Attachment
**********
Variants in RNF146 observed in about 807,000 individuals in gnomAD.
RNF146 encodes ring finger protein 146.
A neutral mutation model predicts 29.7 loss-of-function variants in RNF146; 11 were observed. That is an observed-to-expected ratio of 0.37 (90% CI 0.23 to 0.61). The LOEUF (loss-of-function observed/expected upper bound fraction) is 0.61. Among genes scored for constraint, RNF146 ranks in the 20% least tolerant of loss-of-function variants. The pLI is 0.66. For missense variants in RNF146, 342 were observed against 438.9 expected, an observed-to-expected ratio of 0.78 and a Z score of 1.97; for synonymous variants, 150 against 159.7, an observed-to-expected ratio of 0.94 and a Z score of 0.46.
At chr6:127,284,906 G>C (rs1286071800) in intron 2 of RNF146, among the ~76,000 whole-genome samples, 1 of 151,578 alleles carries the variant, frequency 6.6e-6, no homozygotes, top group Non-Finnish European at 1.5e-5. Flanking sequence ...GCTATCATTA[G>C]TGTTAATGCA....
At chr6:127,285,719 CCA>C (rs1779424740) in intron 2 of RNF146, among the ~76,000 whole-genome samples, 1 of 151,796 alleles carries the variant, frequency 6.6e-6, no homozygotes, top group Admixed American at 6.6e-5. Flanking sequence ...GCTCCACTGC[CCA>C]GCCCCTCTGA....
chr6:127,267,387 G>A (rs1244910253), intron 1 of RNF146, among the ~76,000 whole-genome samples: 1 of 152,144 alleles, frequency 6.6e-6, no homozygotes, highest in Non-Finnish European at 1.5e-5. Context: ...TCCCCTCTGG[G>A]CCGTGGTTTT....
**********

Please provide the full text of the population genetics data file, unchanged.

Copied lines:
Variants in RNF146 observed in about 807,000 individuals in gnomAD.
RNF146 encodes ring finger protein 146.
A neutral mutation model predicts 29.7 loss-of-function variants in RNF146; 11 were observed. That is an observed-to-expected ratio of 0.37 (90% CI 0.23 to 0.61). The LOEUF (loss-of-function observed/expected upper bound fraction) is 0.61. Among genes scored for constraint, RNF146 ranks in the 20% least tolerant of loss-of-function variants. The pLI is 0.66. For missense variants in RNF146, 342 were observed against 438.9 expected, an observed-to-expected ratio of 0.78 and a Z score of 1.97; for synonymous variants, 150 against 159.7, an observed-to-expected ratio of 0.94 and a Z score of 0.46.
At chr6:127,284,906 G>C (rs1286071800) in intron 2 of RNF146, among the ~76,000 whole-genome samples, 1 of 151,578 alleles carries the variant, frequency 6.6e-6, no homozygotes, top group Non-Finnish European at 1.5e-5. Flanking sequence ...GCTATCATTA[G>C]TGTTAATGCA....
At chr6:127,285,719 CCA>C (rs1779424740) in intron 2 of RNF146, among the ~76,000 whole-genome samples, 1 of 151,796 alleles carries the variant, frequency 6.6e-6, no homozygotes, top group Admixed American at 6.6e-5. Flanking sequence ...GCTCCACTGC[CCA>C]GCCCCTCTGA....
chr6:127,267,387 G>A (rs1244910253), intron 1 of RNF146, among the ~76,000 whole-genome samples: 1 of 152,144 alleles, frequency 6.6e-6, no homozygotes, highest in Non-Finnish European at 1.5e-5. Context: ...TCCCCTCTGG[G>A]CCGTGGTTTT....